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Johnson, Juncker talks deliver no Brexit breakthrough

A meeting between British Prime Minister Boris Johnson and European Commission President Jean-Claude Juncker failed to deliver any tangible progress on Brexit on Monday, with Luxembourg premier Xavier Bettel calling the ongoing uncertainty a "nightmare."

Luxembourg, 16 September 2019 (dpa/MIA) – A meeting between British Prime Minister Boris Johnson and European Commission President Jean-Claude Juncker failed to deliver any tangible progress on Brexit on Monday, with Luxembourg premier Xavier Bettel calling the ongoing uncertainty a “nightmare.”

Johnson’s lunch meeting with Juncker, at a restaurant in his native Luxembourg, was their first face-to-face encounter since Johnson took over in July with a promise to lead Britain out of the European Union on October 31.

Johnson has vowed not to further postpone Britain’s EU departure date, while refusing to accept the terms of a deal previously negotiated with Brussels aimed at smoothing the transition.

The British premier hopes to strike a new Brexit deal with EU leaders at a summit next month, but European capitals have been frustrated at the lack of concrete proposals out of London.

Over lunch, Juncker told Johnson that it is Britain’s “responsibility to come forward with legally operational solutions” that are compatible with the Brexit divorce deal already negotiated with London, the commission said in a statement following their talks.

“President Juncker underlined the commission’s continued willingness and openness to examine whether such proposals meet the objectives of the backstop. Such proposals have not yet been made,” the statement added.

Bettel was blunter in a press conference following a meeting he had with Johnson later in the day.

“We need more than just words. We need a legally operable text to work on as soon as possible if we want to meet the October deadline,” Bettel told reporters, as well as a crowd of anti-Brexit protesters gathered outside his office.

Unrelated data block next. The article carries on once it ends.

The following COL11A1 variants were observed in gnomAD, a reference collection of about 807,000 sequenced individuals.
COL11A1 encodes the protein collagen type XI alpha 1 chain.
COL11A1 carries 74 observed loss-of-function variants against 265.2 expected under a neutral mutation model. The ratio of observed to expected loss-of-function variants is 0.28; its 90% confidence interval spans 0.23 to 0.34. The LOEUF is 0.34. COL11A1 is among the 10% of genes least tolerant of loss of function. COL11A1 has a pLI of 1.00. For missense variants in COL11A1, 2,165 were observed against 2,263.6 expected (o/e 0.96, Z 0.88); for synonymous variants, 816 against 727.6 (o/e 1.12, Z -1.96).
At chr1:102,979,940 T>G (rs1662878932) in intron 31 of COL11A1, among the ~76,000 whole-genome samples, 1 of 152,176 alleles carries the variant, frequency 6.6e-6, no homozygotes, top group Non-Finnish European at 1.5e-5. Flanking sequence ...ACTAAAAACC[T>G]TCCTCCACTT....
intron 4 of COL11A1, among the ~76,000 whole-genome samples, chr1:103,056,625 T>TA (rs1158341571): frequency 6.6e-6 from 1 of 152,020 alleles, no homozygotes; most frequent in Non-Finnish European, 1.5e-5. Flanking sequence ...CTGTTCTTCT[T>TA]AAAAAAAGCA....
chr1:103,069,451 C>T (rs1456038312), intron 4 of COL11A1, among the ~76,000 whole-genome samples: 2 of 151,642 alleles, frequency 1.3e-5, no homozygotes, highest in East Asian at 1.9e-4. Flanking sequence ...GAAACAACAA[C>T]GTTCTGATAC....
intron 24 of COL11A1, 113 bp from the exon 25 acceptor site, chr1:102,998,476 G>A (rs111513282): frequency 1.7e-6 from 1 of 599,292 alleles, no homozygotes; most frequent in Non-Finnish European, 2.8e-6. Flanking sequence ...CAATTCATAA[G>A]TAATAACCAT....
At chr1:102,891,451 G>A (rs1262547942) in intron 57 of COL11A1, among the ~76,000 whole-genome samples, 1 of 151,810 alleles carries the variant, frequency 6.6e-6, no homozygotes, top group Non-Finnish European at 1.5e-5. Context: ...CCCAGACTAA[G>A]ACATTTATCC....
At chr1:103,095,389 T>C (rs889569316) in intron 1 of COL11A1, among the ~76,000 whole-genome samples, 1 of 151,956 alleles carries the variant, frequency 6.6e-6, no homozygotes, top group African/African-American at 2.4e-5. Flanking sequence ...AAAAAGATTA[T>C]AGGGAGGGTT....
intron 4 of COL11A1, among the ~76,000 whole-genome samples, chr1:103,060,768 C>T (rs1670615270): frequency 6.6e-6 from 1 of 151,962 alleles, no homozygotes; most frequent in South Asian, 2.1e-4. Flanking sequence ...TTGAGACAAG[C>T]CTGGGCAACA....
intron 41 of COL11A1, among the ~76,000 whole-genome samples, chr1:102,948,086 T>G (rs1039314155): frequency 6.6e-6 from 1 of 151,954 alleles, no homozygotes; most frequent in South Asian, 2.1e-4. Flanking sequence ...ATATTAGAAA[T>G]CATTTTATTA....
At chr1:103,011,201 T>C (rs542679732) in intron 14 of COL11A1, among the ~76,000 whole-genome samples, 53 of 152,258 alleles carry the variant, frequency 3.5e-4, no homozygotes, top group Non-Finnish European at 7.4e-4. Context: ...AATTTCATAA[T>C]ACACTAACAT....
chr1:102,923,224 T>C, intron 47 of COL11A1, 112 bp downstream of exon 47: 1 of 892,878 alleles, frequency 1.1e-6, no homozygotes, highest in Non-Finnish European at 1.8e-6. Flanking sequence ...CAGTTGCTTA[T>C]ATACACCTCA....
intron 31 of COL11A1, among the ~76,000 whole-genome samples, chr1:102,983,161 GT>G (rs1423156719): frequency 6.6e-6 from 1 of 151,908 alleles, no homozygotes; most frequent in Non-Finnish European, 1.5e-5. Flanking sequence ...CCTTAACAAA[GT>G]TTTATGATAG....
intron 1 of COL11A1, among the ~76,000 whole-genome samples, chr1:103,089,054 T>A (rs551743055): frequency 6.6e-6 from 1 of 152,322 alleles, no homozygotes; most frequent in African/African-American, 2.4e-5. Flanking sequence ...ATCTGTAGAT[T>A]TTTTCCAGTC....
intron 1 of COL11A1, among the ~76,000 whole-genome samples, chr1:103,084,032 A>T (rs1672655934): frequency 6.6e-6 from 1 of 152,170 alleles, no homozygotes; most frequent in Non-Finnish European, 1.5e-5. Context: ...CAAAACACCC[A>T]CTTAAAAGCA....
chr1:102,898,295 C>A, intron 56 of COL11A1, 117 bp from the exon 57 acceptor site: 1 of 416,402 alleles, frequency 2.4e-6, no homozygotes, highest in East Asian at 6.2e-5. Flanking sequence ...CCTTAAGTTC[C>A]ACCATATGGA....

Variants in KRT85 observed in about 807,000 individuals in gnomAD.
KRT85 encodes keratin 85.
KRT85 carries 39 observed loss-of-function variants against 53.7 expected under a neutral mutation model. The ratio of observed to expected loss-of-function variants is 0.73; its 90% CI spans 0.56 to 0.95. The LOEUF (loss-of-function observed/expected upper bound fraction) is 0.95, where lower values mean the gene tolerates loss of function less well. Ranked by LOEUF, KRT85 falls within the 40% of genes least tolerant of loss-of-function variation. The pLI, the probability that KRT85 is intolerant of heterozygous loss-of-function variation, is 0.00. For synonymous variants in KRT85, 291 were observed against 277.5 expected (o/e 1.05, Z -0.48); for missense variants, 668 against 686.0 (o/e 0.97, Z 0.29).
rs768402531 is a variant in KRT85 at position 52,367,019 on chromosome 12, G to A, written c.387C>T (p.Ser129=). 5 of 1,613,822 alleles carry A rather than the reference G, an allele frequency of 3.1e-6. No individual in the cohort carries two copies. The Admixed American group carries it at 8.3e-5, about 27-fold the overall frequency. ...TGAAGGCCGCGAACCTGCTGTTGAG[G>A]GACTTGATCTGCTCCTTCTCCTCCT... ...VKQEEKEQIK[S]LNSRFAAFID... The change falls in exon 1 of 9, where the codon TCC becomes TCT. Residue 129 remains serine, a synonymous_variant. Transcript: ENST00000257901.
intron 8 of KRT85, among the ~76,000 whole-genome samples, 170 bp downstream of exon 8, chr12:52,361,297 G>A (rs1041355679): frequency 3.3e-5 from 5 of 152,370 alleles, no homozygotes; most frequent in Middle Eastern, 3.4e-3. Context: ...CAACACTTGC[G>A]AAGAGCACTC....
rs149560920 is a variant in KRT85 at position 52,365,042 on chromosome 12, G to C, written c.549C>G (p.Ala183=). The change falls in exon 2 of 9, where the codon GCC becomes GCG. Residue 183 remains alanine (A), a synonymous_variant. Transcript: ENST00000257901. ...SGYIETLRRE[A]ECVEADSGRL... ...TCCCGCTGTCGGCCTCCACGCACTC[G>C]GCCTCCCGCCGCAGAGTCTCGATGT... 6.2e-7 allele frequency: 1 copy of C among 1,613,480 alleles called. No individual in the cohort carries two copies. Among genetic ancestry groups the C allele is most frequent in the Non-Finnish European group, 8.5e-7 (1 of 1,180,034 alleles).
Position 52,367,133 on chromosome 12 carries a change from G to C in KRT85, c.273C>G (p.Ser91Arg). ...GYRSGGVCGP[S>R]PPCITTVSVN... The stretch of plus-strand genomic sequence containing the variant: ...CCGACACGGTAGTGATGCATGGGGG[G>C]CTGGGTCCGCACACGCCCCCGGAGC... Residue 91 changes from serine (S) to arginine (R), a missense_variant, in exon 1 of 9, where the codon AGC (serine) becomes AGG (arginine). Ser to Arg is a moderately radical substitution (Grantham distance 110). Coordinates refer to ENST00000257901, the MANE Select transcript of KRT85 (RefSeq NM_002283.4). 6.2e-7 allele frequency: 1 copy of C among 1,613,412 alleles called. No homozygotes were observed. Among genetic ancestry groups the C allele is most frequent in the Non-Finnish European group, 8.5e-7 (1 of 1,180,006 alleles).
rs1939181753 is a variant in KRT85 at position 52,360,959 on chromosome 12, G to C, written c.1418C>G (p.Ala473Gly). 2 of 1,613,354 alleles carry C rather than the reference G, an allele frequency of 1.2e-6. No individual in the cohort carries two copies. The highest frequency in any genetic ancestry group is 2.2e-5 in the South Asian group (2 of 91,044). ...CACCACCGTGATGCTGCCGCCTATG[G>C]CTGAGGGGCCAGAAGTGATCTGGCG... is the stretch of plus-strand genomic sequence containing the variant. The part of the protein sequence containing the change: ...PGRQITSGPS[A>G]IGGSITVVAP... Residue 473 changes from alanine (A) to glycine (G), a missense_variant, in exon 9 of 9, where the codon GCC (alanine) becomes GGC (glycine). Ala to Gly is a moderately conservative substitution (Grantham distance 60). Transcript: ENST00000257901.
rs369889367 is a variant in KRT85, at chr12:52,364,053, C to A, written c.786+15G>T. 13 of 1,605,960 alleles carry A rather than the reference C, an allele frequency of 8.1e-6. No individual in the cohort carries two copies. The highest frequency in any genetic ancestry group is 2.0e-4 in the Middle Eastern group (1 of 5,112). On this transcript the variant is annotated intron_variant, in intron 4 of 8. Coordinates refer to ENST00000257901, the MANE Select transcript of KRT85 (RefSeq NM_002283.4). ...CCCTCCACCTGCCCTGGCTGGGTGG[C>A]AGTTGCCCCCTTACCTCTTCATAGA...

“You can’t hold the future hostage for party political gains,” Bettel added, standing next to an empty lectern reserved for Johnson. The British premier had left directly after the meeting, accompanied by chants and jeers from the demonstrators.

Johnson said he had decided not to take part in the outdoor press conference due to the protest noise. “I think our point might have been drowned out,” he later told reporters gathered outside the British embassy in Luxembourg.

Downing Street issued a statement on Monday’s talks, describing Johnson’s encounter with Juncker as “constructive.”

“The leaders agreed that the discussions needed to intensify and that meetings would soon take place on a daily basis,” the statement said.

Political talks would also resume between EU Brexit negotiator Michel Barnier and his British counterpart Stephen Barclay, who were both present at the meeting with Juncker, it added.

London’s main objection regards the so-called backstop aimed at preventing the emergence of border controls between EU member Ireland and Northern Ireland, a part of the United Kingdom. The open border is at the core of a peace deal for the divided island.

The backstop is a form of insurance policy that would bind Britain to various EU rules if no better solution is found to preserve an open border.

Johnson has said he is “cautiously optimistic” about striking a new deal, while Juncker has expressed scepticism about finding alternative arrangements that could replace the backstop.

Without a transitional Brexit deal, EU rules cease to apply in Britain overnight, likely causing disruption and serious economic costs on both sides of the border.

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